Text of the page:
2011

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The solo piano music of selected contemporary Canadian women composers: database, audio samples, and annotated bibliography

Description

Women's contributions to the history of Canadian music can be traced back to the late nineteenth century. However, women's achievements then, and still somewhat now, are often overlooked and as a result, piano solo works by Canadian women composers are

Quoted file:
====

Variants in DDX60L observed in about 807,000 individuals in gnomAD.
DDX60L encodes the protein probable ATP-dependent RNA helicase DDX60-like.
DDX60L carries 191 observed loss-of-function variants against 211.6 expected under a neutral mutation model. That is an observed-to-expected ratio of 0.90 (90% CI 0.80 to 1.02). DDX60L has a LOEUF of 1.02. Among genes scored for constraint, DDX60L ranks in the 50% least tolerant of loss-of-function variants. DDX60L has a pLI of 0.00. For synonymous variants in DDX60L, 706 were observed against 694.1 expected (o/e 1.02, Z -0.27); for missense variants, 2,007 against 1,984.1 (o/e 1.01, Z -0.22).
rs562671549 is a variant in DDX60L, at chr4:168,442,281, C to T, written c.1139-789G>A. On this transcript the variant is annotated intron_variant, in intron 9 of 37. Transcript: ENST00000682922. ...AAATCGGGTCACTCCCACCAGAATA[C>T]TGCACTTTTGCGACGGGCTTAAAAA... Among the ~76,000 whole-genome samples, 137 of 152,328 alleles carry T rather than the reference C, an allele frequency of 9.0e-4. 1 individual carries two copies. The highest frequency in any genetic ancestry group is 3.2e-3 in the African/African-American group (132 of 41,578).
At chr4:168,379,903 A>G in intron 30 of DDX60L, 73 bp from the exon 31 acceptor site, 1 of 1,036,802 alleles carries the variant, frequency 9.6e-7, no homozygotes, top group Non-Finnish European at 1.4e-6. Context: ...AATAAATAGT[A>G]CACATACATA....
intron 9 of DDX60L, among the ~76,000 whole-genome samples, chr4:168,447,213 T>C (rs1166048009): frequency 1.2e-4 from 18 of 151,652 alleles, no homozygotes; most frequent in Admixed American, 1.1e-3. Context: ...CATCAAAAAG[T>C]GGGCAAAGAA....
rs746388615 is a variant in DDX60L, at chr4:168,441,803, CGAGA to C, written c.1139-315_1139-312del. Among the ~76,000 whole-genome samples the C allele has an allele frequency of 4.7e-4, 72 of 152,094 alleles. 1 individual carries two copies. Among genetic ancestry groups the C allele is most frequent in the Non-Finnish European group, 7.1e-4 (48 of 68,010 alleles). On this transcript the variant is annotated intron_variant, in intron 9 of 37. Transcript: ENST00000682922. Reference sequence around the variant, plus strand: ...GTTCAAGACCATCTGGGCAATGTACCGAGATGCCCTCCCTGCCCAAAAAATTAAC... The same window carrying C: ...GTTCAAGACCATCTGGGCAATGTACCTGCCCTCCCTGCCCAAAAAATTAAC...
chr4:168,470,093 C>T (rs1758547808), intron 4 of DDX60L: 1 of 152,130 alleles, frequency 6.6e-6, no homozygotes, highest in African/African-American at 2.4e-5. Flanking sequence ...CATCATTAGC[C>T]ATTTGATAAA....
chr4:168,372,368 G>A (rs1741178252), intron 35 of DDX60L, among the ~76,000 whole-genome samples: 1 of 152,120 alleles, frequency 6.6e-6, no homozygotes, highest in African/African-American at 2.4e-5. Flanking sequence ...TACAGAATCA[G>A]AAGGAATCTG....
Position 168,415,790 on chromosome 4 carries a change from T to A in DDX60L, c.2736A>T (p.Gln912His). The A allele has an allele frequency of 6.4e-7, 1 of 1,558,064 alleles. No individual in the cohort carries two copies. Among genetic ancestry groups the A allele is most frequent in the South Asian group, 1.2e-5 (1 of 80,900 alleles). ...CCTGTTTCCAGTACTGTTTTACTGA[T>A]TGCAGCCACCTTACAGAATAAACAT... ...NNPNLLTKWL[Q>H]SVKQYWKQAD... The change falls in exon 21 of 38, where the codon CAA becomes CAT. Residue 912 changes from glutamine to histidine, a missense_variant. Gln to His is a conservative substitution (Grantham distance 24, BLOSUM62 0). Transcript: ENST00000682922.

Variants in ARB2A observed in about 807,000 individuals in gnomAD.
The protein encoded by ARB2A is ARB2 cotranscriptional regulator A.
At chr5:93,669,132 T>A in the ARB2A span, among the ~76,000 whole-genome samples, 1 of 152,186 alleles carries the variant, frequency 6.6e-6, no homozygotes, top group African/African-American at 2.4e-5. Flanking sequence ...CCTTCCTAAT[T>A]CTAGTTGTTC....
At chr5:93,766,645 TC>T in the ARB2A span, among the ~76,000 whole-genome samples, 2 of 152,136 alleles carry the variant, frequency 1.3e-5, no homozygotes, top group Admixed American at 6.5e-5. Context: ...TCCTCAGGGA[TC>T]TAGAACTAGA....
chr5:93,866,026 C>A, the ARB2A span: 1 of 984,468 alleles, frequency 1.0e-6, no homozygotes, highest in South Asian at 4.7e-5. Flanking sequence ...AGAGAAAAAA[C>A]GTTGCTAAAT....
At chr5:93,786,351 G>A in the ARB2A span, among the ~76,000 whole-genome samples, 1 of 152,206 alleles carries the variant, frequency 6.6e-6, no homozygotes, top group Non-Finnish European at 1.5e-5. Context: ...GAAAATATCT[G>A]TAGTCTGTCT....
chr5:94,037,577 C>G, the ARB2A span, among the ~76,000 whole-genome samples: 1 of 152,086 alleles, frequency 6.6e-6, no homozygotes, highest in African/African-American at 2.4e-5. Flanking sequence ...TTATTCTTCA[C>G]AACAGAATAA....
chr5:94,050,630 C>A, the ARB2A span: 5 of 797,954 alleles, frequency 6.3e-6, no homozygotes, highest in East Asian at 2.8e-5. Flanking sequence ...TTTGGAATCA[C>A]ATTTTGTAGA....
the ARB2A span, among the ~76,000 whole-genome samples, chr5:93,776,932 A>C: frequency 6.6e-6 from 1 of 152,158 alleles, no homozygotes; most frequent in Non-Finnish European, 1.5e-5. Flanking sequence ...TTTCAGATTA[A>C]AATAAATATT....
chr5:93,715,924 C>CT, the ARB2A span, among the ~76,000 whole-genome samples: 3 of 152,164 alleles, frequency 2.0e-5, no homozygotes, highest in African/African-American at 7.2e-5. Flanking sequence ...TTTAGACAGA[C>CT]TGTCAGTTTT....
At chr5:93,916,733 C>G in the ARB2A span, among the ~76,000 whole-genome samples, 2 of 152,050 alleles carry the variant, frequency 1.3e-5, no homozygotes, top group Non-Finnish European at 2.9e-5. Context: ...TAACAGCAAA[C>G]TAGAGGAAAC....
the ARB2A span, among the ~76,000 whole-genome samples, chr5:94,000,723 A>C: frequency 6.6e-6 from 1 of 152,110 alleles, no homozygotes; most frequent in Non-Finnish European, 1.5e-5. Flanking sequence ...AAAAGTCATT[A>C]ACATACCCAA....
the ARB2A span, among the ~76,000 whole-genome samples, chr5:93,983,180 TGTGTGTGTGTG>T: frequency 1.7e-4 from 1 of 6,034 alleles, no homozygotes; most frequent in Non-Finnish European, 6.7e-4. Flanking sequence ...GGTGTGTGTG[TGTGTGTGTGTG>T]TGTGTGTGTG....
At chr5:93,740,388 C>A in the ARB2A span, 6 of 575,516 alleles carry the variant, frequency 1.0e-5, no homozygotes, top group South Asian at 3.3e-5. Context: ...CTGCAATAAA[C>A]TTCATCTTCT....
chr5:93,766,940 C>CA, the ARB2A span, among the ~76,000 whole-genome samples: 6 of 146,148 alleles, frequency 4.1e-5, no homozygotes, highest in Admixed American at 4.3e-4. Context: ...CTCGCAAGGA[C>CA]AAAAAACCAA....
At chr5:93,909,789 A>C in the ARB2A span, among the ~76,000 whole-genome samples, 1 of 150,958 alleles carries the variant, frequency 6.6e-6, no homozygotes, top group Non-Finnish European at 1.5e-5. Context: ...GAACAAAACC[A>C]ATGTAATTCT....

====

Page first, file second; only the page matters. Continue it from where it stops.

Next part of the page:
Women's contributions to the history of Canadian music can be traced back to the late nineteenth century. However, women's achievements then, and still somewhat now, are often overlooked and as a result, piano solo works by Canadian women composers are largely unknown. The purpose of this study is to promote the wealth of solo piano repertoire composed by Canadian women, and to report the results in an accessible and comprehensible format for students, teachers, and performers at all levels. The research focuses on the most recent piano music by female composers born in or after 1950 whose compositions are available through the Canadian Music Centre (CMC) library. Brief biographies of included composers note their accomplishments, compositional output, and style characteristics. Annotations for the 103 works studied, written by twenty-six composers, include information about harmonic schemes, meters, tempos, durations, dates of the composition, CMC call number, level of difficulty, commissions, musical excerpts, premieres, and style characteristics. The style characteristics section includes composer's notes, technical challenges, musical characteristics, pedagogical values, and other pertinent information about a given piece. Since the goal of this project is to stimulate the awareness of music composed by Canadian women in a truly global sense, the research paper is supplemented by a website--www.canadianwomencomposers.com--that contains all the information found in the written portion of the annotations. This website also offers short audio samples of the compositions. The writer wishes to encourage all students, performers, and teachers to explore this resource, which reveals the richness of solo piano repertoire written by Canadian women composers.